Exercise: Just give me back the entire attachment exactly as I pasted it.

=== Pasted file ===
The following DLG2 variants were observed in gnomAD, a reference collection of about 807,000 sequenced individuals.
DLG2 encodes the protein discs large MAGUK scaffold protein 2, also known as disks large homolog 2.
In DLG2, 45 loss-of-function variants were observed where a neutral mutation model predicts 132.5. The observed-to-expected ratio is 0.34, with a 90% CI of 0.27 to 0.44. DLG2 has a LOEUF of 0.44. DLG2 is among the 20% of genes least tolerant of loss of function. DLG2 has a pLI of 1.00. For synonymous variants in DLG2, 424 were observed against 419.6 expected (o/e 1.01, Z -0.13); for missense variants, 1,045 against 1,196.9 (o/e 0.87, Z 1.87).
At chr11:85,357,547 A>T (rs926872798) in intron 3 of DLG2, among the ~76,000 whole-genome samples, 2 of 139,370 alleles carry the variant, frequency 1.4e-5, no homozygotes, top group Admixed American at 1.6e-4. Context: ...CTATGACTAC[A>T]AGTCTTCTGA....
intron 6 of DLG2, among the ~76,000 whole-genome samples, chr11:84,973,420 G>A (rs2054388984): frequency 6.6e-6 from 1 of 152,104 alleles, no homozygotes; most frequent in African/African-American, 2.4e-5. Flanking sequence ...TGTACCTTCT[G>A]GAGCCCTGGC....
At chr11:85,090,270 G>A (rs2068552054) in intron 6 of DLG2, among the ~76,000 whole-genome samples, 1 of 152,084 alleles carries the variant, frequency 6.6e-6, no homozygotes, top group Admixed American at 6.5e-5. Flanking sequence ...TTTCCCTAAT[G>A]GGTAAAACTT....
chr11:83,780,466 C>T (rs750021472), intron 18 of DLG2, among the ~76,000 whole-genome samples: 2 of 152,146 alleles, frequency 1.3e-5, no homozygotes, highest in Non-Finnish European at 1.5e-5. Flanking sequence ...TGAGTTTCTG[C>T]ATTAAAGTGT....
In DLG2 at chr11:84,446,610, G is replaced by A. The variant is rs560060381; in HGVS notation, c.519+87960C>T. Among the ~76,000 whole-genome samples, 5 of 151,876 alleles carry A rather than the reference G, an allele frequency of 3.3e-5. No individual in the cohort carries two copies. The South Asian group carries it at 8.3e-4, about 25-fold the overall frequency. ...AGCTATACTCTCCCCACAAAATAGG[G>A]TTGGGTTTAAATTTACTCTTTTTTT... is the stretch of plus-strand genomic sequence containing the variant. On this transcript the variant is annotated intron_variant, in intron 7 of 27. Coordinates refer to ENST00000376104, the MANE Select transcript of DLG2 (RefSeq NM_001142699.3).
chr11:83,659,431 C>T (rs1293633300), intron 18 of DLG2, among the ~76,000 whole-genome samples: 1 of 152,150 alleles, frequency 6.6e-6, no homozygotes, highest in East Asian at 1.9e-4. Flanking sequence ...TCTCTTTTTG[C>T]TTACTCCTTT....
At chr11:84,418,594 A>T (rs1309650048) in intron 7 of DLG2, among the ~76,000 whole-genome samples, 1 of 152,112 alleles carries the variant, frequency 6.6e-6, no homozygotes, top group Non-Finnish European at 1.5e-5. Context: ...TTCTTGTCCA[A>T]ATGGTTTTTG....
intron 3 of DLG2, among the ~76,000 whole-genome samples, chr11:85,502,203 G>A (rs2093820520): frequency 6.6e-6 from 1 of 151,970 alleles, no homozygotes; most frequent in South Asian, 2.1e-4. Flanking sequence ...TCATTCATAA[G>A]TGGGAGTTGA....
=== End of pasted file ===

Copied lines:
The following DLG2 variants were observed in gnomAD, a reference collection of about 807,000 sequenced individuals.
DLG2 encodes the protein discs large MAGUK scaffold protein 2, also known as disks large homolog 2.
In DLG2, 45 loss-of-function variants were observed where a neutral mutation model predicts 132.5. The observed-to-expected ratio is 0.34, with a 90% CI of 0.27 to 0.44. DLG2 has a LOEUF of 0.44. DLG2 is among the 20% of genes least tolerant of loss of function. DLG2 has a pLI of 1.00. For synonymous variants in DLG2, 424 were observed against 419.6 expected (o/e 1.01, Z -0.13); for missense variants, 1,045 against 1,196.9 (o/e 0.87, Z 1.87).
At chr11:85,357,547 A>T (rs926872798) in intron 3 of DLG2, among the ~76,000 whole-genome samples, 2 of 139,370 alleles carry the variant, frequency 1.4e-5, no homozygotes, top group Admixed American at 1.6e-4. Context: ...CTATGACTAC[A>T]AGTCTTCTGA....
intron 6 of DLG2, among the ~76,000 whole-genome samples, chr11:84,973,420 G>A (rs2054388984): frequency 6.6e-6 from 1 of 152,104 alleles, no homozygotes; most frequent in African/African-American, 2.4e-5. Flanking sequence ...TGTACCTTCT[G>A]GAGCCCTGGC....
At chr11:85,090,270 G>A (rs2068552054) in intron 6 of DLG2, among the ~76,000 whole-genome samples, 1 of 152,084 alleles carries the variant, frequency 6.6e-6, no homozygotes, top group Admixed American at 6.5e-5. Flanking sequence ...TTTCCCTAAT[G>A]GGTAAAACTT....
chr11:83,780,466 C>T (rs750021472), intron 18 of DLG2, among the ~76,000 whole-genome samples: 2 of 152,146 alleles, frequency 1.3e-5, no homozygotes, highest in Non-Finnish European at 1.5e-5. Flanking sequence ...TGAGTTTCTG[C>T]ATTAAAGTGT....
In DLG2 at chr11:84,446,610, G is replaced by A. The variant is rs560060381; in HGVS notation, c.519+87960C>T. Among the ~76,000 whole-genome samples, 5 of 151,876 alleles carry A rather than the reference G, an allele frequency of 3.3e-5. No individual in the cohort carries two copies. The South Asian group carries it at 8.3e-4, about 25-fold the overall frequency. ...AGCTATACTCTCCCCACAAAATAGG[G>A]TTGGGTTTAAATTTACTCTTTTTTT... is the stretch of plus-strand genomic sequence containing the variant. On this transcript the variant is annotated intron_variant, in intron 7 of 27. Coordinates refer to ENST00000376104, the MANE Select transcript of DLG2 (RefSeq NM_001142699.3).
chr11:83,659,431 C>T (rs1293633300), intron 18 of DLG2, among the ~76,000 whole-genome samples: 1 of 152,150 alleles, frequency 6.6e-6, no homozygotes, highest in East Asian at 1.9e-4. Flanking sequence ...TCTCTTTTTG[C>T]TTACTCCTTT....
At chr11:84,418,594 A>T (rs1309650048) in intron 7 of DLG2, among the ~76,000 whole-genome samples, 1 of 152,112 alleles carries the variant, frequency 6.6e-6, no homozygotes, top group Non-Finnish European at 1.5e-5. Context: ...TTCTTGTCCA[A>T]ATGGTTTTTG....
intron 3 of DLG2, among the ~76,000 whole-genome samples, chr11:85,502,203 G>A (rs2093820520): frequency 6.6e-6 from 1 of 151,970 alleles, no homozygotes; most frequent in South Asian, 2.1e-4. Flanking sequence ...TCATTCATAA[G>A]TGGGAGTTGA....